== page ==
Jack McGeever [00:10:09] I see that if you ban gas, like I said in the article, you’re going to have to replace with something. And when you look at what the rejections are for solar projects, like you said, we’re trying to increase its capacity. And that’s not going to happen when this bill gets passed. If it does get passed, I’m hoping it doesn’t. But if it does, the solar, energy and renewable energies are not where we need them to be in order to meet that need. And that gap that would be created by, the banning of natural gas. Right. So I think that that price increase is imminent as soon as you ban natural gas. That’s right. Those prices are going to skyrocket. I think that long term. Absolutely. I agree with you. It needs to be a mix of all different sources. But for the foreseeable next five time, maybe even 15 years. I don’t think that renewables such as wind and solar, where we need them to be, particularly in Chicago. Could it be a reliable source down the line? Absolutely. I’m not going to disagree with anybody about that. I just don’t see it being a reliable energy source as far as cost goes within the next 5 to 10 years.


Stuart Turley [00:11:13] Let me let me add this one here, guys, because I think wind is absolutely having some horrific problems right now. It you know, you look at the number of folks that are, not able to make them work because they’re not sustainable. I think solar does have extra legs. That wind doesn’t. The hot button I have, Larry and Jack. Is that the renewable? The solar is not as, recyclable yet. The finances aren’t there. And that’s that’s one of my. Oh, we really gotta get that one fixed. Now the other one is in the housing areas versus the, buildings. I want your opinion on both of the, both of your opinions. Is that on solar rooftops for homes? It makes sense. Except there is a gigantic problem with, not so honorable folks going around installing, solar panels on roofs, and they’re selling the. Oh, is it the, really weird financial, deals on those things. And we got charlatans running around selling those things. So, Larry, if if we had a really good government program, I don’t like subsidies. That’s one that I would do to offset the costs, but I the charlatans, I want to drag them out in the street and beat this, not out of them.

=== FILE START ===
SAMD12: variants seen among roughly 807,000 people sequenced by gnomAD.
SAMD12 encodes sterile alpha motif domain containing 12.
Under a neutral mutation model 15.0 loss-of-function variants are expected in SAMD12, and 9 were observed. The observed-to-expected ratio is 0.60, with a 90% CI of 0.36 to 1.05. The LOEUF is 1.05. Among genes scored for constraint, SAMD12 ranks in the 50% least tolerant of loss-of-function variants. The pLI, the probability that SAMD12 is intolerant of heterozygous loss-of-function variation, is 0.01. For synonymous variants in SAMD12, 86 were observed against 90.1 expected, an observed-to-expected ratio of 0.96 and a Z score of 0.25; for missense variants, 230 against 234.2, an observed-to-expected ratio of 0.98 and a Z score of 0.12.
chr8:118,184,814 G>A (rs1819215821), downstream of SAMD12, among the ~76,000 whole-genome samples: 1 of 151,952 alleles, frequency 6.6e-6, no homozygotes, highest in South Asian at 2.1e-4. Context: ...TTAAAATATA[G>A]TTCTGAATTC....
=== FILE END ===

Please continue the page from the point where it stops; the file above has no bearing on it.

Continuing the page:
Larry Glover [00:12:50] I too, I think what we’ve experienced, yeah, is this idea that I call open gate marketing. Okay. Because as solar first began, the goal for almost all of those companies was to get as much out there as you can, as quickly as you can get it up on your roof. And the belief that once it’s there, it will continue to get stronger. In that. Unique feeding frenzy of trying to sell it as much as you can. We know that you’re always going to have bad actors who are going to be part of. And any new product that gets into the marketplace. The bad actors normally happen in the early and along with the early adopters, because there’s a greater. Willingness for risk and and so to. So that becomes an opportunity. I think when industries begin to mature as solar is now having to mature because it’s part of a bigger mix. They also got to fix the little planks in there. And I think most of the solar companies are working really, really hard to get these bad actors out of the game. It’s hard, you know, to. When you look at who owns your home, they’re generally little older there. They’re generally, people who have worked for a long time to, to, to create this asset. And so. They are being preyed on or have been preyed on. But that’s also part of this new legislation. For example, the administration, last month offered legislation around, solar financing that had consumer protection, written into it for that very reason. So, so, yeah, the other thing that I might say is that. I don’t want us. True to believe that. What? A category one to product is introduce that you’re going to get the benefit of scale. Because that, I think, is what we’re talking about. So if we talk about if we look at so many in the next 3 to 5 years, it’s not going to be off the scale. So you’re not going to get those benefits. But if we’re planning this transition in the long term, which it is, and now we’re talking 2030, 2035, which is the mark on the world that everybody’s talking about right now. You have the ability to get it to scale so that it costs are manageable and controllable. You’re you’re you’re looking at how to integrate solar as part of this, this portfolio of products, not only for commercial but for residential. So you’re going to have some gas. You need to have a gas pipeline. I’m going to have gas pipeline. They’re they’re not they’re not going to get me to be totally electric, right. But I think it all does make make sense. And, and Jack and I’d like to hear your perspective, because I think you look at the hourglass from a from a different, vantage point that I do. And and to say. How do you protect those vulnerable consumers in the midst of. New hydrogen, which is going to cost more. When we do, it really is going to cost more. And all underpinned by the fact that when you add all of this technology and all of this stuff. To the cost of energy. We’re going to use so much more energy and the cost is not going to be less. It’s going to be more expensive. And so how do we now kind of blend that in your in your eyes to do. Make those cost equitable.